Each week three bloggers share tutorials for new quilt blocks. And today is my day! You can read my interview here. I’d like to welcome all the new visitors to my blog, I hope you enjoy my block, Starry Night.
This quilt block is a paper pieced. For those of you that participated in the Summer Sampler Series, you are old pros! If you are new to paper piecing, do not fear. First, I recommend reading through this tutorial and even making the sample block. It will really give you a basic understanding of paper piecing. And hopefully put your mind at ease. Second, I recommend reading through the entire tutorial for today’s block before starting. And finally, take your time making this one. We will be paper piecing 4 small blocks and then piecing those together. Ready? Let’s get started!
Starry Night Quilt Block Tutorial
Please note, all seams are 1/4″; Final block size 12.5″ unfinished
Reduce your stitch length so that the paper template will perforate easily. I used 1.5 stitch length.
Paper Piecing Templates
Print 4 of the Paper Piecing Template below. Be sure to print them at 100% and check the scale icon with a ruler before starting.
|Starry Night Paper Piecing Template|
Prepare the templates. Cut the templates out around the seam allowance line.
Step 1. Cut your fabric. When cutting fabric for paper piecing, you will be cutting fabric that will be larger than needed. (You can save your scraps for later quilt squares.)
I recommend cutting 1 of each piece below, making a block, and ensuring it is enough fabric for your sewing style. Then you can make adjustments later for the rest of your blocks. These are the fabric sizes I used for my paper piecing.
|1||Cut 4||5″ x 4″|
|2||Cut 4||5″ x 4″|
|3||Cut 4||5″ x 3″|
|4||Cut 4||5″ x 3″|
|5||Cut 4||10″ x 2″|
|6||Cut 4||7″ x 4″|
Tip: I like to write the fabric color name I’m planning on the template pieces so I don’t get confused as I’m sewing. Yes, I’m easily confused.
Step 2: Take your fabric cut for Piece 1 and place it right side out on the back of your template, making sure to cover the entire template space 1. Pin into place.
Step 3: Take your fabric cut for Piece 2. Place it right side together to Piece 1 which you pinned into place in Step 2. Hold your template up to the light and make sure at least 1/4″ of the fabric overlaps into template space 2. This will probably feel backwards and wrong the first few times you do it. Pin into place.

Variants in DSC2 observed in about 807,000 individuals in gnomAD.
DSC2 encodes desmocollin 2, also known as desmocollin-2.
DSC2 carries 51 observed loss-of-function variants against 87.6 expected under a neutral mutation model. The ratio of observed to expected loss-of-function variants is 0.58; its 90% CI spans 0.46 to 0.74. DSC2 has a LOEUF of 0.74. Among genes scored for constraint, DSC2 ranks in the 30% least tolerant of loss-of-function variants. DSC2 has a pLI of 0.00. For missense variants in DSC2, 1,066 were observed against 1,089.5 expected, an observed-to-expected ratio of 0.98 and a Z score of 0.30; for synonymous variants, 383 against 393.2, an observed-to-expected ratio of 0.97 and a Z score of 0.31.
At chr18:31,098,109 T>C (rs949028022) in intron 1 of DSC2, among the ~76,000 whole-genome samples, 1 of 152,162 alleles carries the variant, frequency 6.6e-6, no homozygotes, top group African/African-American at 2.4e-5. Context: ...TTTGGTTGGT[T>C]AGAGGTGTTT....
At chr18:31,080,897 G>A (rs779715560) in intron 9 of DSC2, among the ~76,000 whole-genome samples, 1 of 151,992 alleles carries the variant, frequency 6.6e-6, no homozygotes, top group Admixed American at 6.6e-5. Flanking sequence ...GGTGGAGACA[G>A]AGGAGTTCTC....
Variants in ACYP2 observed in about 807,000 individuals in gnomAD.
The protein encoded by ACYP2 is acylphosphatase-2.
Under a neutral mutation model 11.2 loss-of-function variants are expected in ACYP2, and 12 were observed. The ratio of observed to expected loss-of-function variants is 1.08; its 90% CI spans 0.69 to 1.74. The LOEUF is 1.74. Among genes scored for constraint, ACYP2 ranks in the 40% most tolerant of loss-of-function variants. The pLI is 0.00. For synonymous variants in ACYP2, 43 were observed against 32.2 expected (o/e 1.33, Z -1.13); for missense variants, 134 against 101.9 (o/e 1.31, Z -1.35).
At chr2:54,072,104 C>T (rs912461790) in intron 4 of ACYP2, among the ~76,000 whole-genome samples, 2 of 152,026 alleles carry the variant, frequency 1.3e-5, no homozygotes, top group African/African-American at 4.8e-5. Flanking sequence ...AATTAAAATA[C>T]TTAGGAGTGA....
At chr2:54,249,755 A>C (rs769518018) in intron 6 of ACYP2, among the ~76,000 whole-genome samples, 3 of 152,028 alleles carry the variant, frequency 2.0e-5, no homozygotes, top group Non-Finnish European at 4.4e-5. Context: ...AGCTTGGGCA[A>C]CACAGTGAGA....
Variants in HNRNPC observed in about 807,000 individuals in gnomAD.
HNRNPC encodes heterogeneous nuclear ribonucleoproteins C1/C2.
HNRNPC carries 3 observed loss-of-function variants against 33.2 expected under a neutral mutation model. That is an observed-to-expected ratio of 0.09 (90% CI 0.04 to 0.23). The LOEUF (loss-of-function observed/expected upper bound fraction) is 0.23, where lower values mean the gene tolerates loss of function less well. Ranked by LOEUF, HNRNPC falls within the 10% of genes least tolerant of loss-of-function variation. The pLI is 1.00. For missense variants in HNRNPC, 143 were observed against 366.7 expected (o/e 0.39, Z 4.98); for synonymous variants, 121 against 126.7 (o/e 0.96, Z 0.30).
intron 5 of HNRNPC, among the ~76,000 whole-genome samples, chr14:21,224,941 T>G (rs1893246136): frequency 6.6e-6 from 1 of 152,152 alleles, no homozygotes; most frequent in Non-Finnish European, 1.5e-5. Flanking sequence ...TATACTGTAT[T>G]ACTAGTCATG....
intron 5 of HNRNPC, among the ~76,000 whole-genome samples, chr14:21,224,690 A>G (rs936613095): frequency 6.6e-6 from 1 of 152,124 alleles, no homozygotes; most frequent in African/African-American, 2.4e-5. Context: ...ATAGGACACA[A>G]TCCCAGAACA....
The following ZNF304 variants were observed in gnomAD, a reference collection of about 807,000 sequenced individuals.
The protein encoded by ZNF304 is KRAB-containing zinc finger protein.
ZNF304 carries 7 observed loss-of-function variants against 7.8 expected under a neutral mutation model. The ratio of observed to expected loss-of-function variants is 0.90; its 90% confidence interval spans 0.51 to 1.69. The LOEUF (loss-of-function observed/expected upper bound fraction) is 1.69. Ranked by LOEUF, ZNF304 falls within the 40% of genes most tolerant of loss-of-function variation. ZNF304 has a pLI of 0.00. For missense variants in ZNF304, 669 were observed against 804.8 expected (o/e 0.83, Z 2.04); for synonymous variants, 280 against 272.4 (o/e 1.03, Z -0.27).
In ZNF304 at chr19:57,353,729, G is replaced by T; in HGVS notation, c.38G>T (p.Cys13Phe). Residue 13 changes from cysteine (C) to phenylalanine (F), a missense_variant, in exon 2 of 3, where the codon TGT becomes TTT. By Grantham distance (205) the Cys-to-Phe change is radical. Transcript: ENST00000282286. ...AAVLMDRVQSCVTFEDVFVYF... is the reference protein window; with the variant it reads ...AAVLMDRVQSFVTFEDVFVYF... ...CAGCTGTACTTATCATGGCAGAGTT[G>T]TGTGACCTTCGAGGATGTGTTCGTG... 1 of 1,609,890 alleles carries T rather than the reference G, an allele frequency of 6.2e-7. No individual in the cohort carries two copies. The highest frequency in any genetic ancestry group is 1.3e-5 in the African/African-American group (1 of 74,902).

Step 4: Sew along the seam line on the template between pieces 1 and 2. Be sure to sew a bit into the seam allowance. I also like to backstitch at the beginning and end. Remove your pins.
Step 5: Flip your block over. Press your fabric open. Your square will look like this:
Step 6: Turn your block over and trim the excess fabric from around the template.
Looking better already, right?
Step 7: Take your fabric cut for Piece 3. Place it right side together to Piece 1 which you have sewn into place. Hold your template up to the light and make sure at least 1/4″ of the fabric overlaps into template space 3. Pin into place.
Step 8: Sew along the seam line on the template remembering again to sew a bit into the seam allowance.
Step 9: Trim seam allowance.
Step 10: Repeat the same process for Piece 4.
Turn your block over and trim the excess fabric from around the template again.
Step 11: Take your fabric cut for Piece 5. Place it right side together to Piece 3 and 4 which you have sewn into place. Hold your template up to the light and make sure at least 1/4″ of the fabric overlaps into template space 5. Pin into place.
Step 12: Once again, sew along seam line…
Step 13: Repeat for the final Piece 6. Line up…
Sew, press and trim the block to size:
Congratulations! You’ve made your first paper pieced block quadrant!
Step 14: Now repeat these steps for the remaining three templates.
**TIP: To achieve the look of my block, you will want to reverse the location of the blue fabrics on two of the four templates. **
Step 15: Once you have all four templates pieced, remove the paper from the back. This should perforate easily as long as you remembered to shorten your stitch length before sewing.
Step 16: Sew the 4 quadrants together to create your quilt block.
Mock up of what entire quilt top would look like:
November 2, 2011 60 Comments